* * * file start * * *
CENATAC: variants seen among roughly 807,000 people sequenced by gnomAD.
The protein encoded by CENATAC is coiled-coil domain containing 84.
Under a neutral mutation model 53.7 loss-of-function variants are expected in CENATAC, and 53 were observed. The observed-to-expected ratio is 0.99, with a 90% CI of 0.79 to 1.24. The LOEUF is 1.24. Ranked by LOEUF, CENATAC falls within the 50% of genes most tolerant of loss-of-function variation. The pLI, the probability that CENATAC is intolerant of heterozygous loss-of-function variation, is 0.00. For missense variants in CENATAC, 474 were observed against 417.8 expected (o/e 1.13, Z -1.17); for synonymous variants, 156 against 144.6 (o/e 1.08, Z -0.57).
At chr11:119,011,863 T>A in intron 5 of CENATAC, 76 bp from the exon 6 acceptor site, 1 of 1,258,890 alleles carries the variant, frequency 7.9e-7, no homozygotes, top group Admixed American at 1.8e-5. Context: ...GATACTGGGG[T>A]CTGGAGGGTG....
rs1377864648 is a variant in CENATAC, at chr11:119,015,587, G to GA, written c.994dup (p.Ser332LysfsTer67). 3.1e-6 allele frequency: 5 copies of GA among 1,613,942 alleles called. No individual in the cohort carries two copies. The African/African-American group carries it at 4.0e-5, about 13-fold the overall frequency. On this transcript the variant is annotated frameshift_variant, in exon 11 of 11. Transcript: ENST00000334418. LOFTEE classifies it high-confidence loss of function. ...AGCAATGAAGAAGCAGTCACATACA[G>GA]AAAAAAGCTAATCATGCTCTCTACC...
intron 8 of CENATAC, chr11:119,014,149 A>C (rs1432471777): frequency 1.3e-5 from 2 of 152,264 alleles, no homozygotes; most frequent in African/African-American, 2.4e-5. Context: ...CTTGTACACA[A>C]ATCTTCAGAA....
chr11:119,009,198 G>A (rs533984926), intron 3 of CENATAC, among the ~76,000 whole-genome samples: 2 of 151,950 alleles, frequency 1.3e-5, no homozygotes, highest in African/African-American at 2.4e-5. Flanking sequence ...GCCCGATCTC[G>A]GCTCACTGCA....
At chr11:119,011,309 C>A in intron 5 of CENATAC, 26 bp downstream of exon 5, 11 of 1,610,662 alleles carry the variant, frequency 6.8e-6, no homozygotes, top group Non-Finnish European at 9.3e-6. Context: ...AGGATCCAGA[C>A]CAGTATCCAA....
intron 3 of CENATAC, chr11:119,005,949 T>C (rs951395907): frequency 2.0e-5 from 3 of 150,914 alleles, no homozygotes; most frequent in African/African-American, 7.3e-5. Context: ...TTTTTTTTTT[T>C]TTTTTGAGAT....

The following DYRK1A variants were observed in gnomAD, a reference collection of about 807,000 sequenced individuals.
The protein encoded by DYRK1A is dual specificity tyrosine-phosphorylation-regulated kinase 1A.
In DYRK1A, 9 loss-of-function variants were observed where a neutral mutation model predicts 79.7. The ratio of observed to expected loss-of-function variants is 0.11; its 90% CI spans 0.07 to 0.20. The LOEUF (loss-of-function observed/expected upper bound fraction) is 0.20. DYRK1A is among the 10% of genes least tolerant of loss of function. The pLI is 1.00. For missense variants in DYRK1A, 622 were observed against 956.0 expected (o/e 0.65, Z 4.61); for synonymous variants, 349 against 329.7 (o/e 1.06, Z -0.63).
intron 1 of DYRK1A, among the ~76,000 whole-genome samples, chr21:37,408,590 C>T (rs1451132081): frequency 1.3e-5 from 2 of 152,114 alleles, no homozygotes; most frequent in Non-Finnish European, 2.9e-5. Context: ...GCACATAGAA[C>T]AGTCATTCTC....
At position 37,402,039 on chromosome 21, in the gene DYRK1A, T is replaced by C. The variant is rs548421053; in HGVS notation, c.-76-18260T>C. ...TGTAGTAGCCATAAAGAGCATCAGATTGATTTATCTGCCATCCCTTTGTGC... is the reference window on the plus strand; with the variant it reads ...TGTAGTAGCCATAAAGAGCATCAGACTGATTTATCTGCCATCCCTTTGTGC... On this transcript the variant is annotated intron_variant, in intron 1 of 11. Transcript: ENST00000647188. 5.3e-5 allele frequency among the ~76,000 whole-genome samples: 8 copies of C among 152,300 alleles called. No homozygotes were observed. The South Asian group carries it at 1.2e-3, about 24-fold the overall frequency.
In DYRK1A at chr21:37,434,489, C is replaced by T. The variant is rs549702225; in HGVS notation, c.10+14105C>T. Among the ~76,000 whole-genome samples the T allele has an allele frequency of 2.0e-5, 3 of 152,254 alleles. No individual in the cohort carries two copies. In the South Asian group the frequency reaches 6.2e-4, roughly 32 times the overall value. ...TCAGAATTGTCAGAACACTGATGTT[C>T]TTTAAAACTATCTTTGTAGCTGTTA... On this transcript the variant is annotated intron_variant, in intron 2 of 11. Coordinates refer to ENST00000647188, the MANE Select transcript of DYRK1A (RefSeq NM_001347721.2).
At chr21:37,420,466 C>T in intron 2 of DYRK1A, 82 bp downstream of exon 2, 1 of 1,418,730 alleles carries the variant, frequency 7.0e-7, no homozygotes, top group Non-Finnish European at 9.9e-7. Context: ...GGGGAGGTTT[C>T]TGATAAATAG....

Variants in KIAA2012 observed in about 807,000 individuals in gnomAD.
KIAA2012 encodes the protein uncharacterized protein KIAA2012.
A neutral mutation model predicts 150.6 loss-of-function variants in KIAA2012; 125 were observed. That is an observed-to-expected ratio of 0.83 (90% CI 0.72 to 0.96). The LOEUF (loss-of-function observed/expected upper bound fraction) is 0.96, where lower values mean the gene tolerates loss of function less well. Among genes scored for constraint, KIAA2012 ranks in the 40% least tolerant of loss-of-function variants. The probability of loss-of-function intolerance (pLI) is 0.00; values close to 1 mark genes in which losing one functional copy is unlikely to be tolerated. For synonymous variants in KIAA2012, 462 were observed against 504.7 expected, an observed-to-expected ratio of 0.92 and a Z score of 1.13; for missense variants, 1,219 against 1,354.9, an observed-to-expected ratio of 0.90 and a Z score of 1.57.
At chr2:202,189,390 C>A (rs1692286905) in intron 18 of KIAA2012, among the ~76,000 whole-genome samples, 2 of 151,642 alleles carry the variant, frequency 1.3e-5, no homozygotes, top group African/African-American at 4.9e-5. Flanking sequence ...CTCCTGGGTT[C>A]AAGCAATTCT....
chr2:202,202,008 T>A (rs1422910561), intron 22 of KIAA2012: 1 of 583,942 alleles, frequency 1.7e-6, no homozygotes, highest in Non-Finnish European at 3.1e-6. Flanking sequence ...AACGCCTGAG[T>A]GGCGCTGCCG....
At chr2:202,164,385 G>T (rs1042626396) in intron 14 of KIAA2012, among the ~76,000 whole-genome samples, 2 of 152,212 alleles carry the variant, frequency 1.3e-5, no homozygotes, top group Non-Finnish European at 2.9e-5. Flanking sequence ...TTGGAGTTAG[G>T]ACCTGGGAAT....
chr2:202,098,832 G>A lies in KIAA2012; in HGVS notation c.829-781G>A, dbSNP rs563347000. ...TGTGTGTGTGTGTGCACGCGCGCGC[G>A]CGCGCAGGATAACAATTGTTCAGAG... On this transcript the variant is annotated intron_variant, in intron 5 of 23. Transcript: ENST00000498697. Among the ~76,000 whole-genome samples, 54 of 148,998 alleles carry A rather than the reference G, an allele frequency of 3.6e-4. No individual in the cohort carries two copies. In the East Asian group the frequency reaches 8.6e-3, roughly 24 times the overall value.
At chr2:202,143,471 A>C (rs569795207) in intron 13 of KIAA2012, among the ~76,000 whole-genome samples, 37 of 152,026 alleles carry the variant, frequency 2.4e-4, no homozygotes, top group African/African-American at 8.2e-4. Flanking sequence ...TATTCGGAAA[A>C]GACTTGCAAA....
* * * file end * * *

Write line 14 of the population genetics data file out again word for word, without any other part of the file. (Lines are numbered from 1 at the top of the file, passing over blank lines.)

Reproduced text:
At position 37,402,039 on chromosome 21, in the gene DYRK1A, T is replaced by C. The variant is rs548421053; in HGVS notation, c.-76-18260T>C. ...TGTAGTAGCCATAAAGAGCATCAGATTGATTTATCTGCCATCCCTTTGTGC... is the reference window on the plus strand; with the variant it reads ...TGTAGTAGCCATAAAGAGCATCAGACTGATTTATCTGCCATCCCTTTGTGC... On this transcript the variant is annotated intron_variant, in intron 1 of 11. Transcript: ENST00000647188. 5.3e-5 allele frequency among the ~76,000 whole-genome samples: 8 copies of C among 152,300 alleles called. No homozygotes were observed. The South Asian group carries it at 1.2e-3, about 24-fold the overall frequency.